At one time or another many of us have been asked which science fiction novel we consider to be the greatest of all time. I find myself asked this question quite frequently, especially from my friends that don’t read science fiction.
Each time they ask the question I end up staring blankly at their faces. The titles of dozens of novels dance through my head. Every answer that comes to mind is both the right answer and the wrong answer.
Each of us has our personal preferences. Your friend might think a novel they just read is the greatest thing in print, while you might disregard it as a waste of time. Is one person right and the other wrong?
Each reader has their own notion of what makes great science fiction. Does that mean it is impossible to quantify greatness, or is there some elusive measuring stick with which to evaluate science fiction novels?
Some might suggest the best way to measure a novel’s success is by the number of units it sold. Publishers make a living with this measuring stick, but we are digging deeper than commercial success. We are looking for greatness. Yes, sales can be an indicator of greatness, but perhaps we can all agree that some bestselling novels really aren’t that good.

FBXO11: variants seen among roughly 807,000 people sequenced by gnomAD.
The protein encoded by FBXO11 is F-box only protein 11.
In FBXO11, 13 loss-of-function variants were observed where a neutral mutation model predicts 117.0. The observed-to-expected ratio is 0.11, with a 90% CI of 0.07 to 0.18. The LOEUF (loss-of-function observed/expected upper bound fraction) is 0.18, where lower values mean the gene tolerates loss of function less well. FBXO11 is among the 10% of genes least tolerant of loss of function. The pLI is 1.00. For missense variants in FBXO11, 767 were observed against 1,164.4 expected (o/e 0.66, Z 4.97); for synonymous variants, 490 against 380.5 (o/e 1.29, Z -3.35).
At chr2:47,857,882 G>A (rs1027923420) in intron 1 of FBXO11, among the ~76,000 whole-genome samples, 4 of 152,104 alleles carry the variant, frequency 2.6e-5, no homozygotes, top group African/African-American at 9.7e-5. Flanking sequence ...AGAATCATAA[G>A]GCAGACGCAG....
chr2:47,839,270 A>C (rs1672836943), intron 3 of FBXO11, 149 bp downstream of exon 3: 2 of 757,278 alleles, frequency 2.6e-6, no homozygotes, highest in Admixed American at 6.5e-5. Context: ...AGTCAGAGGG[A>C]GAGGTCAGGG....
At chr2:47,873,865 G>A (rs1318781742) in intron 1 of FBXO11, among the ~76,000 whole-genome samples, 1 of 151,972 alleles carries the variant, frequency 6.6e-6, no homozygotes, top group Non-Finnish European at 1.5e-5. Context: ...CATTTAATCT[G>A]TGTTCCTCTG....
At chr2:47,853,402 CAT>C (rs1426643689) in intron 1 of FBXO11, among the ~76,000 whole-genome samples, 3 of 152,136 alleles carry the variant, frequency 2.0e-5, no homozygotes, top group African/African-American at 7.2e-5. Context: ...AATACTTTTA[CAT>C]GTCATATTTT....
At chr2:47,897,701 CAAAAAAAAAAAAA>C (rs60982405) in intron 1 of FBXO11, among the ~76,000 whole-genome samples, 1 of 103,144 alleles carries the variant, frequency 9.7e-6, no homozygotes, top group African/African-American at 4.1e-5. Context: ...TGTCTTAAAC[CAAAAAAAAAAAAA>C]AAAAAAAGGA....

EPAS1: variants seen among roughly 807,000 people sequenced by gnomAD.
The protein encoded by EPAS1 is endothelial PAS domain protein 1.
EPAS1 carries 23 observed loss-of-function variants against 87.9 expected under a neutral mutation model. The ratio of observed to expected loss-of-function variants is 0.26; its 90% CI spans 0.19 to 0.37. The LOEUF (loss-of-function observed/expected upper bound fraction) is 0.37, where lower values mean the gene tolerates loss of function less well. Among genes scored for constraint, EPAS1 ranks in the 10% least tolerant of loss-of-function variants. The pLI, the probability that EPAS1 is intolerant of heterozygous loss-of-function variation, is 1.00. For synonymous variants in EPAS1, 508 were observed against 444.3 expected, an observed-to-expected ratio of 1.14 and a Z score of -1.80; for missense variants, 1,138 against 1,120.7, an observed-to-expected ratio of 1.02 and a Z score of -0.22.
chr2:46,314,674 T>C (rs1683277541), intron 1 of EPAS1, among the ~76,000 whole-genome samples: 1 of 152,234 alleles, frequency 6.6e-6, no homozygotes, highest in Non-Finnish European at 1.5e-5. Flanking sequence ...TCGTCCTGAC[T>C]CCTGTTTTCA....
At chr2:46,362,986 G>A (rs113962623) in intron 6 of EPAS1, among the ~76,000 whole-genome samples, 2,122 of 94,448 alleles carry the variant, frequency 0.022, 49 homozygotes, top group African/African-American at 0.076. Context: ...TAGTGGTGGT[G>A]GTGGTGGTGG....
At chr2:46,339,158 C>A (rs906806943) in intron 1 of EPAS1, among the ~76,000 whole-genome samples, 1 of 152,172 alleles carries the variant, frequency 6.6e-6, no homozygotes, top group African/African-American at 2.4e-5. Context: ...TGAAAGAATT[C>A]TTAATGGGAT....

One quantifiable method to determine greatness is by the number of awards a novel has won. Awards are handed out in a subjective manner with voters picking their favorites. It seems a bit contradictory to use the subjective designation of the novel’s greatness for an objective study, but using a dispersed voting body across many different awards can lead us to a universal opinion.
While awards are often accused of being biased or limited in scope, today we will push forward using the awards to provide the foundation for demonstrating a novel’s greatness. Other factors we will include in the evaluation are the commercial success of the novel, the stature of the author, critical acclaim, and any other elements that may help us present the case for greatness.
We will also endeavor to use sound judgment in the selection of the greatest science fiction novels of all time. Some circumstances, may have led to some very great works not receiving all of the awards they deserved. After all, if the two greatest novels ever written were published the same year, only one can win the award. The other would be left holding a long list of nominations and no trophies to put on the shelf. Furthermore, many of the greatest novels were published before any awards even existed.
Over the coming weeks, as we continue to add to the list, I will do my best to resist the temptation to rank them in order of greatness. I don’t think it is possible to select a single novel as the greatest of all time. For each novel in the series, I will simply present the case for why it should be considered as one of the greatest science fiction novels of all time.
Ultimately, you will need to judge if you consider it a worthy candidate. There are many amazing novels written throughout the years, so it might take a while to get to your favorite. Please feel free to offer suggestions and recommendations in the comments section. I’m guessing your favorite is already on my list, but I don’t want to leave any out.